Trophoblasts are so invasive that they will form a placenta almost anywhere, even if they land on tissue other than the uterus. Occasionally, pregnancies begin outside the uterus, in fallopian tubes or elsewhere in the abdomen, and the rapid, penetrating growth of the placenta can rupture organs. Placentas that form over a scar on the uterus, where the lining is thin or absent — say, from a previous cesarean section — can invade so deeply that they cannot be safely removed at birth, and the only way to prevent the mother from bleeding to death is to take out the uterus.
The Invasive Placenta
The placenta is an invasive organ that provides life support for a developing embryo.FERTILIZATION A fertilized human egg begins to divide. After about five days it forms a hollow ball of cells called a blastocyst: a sphere of specialized cells called trophoblasts, surrounding an inner cell mass that will eventually become the fetus.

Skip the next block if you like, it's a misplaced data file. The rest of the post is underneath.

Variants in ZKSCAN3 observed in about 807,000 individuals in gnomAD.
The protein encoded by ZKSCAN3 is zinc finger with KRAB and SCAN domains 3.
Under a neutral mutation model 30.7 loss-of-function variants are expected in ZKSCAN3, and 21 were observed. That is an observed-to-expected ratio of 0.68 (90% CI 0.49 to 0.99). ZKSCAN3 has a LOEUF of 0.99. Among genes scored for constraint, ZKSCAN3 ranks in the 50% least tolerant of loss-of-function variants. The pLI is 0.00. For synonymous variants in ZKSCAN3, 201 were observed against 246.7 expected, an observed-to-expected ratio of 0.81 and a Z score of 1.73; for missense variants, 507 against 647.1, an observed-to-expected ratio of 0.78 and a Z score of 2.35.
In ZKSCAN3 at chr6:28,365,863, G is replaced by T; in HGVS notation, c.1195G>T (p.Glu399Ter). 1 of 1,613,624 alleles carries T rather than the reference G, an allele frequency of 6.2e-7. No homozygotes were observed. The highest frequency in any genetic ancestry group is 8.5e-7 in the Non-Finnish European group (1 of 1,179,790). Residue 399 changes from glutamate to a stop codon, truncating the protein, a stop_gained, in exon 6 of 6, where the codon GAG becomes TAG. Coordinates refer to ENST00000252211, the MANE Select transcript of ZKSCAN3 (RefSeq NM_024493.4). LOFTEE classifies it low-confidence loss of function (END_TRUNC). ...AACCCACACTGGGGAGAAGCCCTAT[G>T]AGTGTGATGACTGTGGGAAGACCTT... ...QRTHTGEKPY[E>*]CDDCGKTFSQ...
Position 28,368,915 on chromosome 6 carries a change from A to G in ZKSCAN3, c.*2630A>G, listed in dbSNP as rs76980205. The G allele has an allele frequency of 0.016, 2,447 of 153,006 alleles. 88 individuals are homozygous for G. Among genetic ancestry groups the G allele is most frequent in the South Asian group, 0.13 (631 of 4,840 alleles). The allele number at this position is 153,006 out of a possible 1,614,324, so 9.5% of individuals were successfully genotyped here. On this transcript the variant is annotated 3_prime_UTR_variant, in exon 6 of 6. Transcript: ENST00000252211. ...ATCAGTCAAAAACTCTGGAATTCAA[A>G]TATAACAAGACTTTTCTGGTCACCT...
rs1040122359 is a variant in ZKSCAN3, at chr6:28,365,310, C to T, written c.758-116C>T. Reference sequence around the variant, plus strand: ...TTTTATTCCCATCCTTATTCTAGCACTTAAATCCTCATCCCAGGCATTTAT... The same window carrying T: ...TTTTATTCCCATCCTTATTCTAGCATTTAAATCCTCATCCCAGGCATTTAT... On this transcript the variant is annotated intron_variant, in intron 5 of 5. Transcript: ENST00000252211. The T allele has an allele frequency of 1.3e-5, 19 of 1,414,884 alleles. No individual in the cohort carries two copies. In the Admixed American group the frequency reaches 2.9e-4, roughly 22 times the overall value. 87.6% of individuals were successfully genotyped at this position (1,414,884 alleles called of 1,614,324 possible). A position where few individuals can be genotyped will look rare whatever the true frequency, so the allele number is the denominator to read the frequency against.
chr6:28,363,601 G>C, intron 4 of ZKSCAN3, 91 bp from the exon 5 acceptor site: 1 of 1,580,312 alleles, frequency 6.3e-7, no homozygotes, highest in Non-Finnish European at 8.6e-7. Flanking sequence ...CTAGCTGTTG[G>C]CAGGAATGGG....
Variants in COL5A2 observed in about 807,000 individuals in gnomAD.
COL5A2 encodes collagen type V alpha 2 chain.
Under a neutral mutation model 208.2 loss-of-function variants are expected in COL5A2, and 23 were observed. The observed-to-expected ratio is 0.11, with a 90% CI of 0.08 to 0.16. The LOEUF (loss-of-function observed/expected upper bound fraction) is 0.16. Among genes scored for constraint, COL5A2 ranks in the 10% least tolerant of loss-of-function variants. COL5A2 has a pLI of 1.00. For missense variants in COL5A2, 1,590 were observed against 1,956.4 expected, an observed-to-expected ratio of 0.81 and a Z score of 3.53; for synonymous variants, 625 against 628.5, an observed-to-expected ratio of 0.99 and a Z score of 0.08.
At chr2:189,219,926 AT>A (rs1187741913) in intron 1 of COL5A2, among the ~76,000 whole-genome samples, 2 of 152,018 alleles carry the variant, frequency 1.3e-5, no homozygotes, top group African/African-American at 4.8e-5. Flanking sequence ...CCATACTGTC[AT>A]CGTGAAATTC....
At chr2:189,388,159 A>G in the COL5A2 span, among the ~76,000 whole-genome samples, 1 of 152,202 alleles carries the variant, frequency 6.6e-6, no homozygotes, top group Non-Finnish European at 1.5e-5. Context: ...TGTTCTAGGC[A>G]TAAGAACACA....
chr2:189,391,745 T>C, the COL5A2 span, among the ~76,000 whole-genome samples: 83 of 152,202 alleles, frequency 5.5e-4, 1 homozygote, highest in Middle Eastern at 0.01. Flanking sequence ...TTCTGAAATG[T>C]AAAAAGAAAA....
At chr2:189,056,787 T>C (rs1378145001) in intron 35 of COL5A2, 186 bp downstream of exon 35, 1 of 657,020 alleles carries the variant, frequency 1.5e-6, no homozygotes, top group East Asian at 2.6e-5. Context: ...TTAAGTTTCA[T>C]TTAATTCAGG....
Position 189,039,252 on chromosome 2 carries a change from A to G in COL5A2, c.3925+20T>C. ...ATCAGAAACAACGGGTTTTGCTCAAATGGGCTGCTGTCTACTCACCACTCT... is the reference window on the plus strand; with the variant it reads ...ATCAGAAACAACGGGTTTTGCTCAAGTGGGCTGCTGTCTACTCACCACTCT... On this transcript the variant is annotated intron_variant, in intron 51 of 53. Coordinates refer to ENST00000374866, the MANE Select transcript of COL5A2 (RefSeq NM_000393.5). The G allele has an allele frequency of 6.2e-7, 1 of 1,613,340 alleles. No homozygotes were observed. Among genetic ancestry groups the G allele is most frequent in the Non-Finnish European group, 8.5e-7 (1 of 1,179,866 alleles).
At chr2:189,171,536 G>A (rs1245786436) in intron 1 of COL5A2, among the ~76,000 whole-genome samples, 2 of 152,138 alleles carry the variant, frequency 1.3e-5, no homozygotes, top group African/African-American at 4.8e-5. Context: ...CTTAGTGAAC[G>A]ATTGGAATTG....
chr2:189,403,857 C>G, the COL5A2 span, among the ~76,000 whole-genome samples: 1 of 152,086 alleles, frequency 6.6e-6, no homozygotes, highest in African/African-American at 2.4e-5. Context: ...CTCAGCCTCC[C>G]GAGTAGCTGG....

IMPLANTATION Trophoblasts help embed the blastocyst in the mother’s uterine lining, then begin recruiting and remodeling her blood vessels to nourish the developing embryo. The invading cells will eventually form the placenta.
THE PLACENTA is the interface between mother and embryo. Fingerlike structures called villi provide a large surface area for the mother’s blood to surround but not mix with the embryo’s blood, providing oxygen and nutrients and removing waste.
Trophoblasts are a major focus of the research by Dr. Fisher’s team, and her laboratory also acts as a bank, providing cell and tissue samples to other researchers around the country. One staff member is a recruiter, charged with the delicate task of asking women in labor to donate their placentas for research.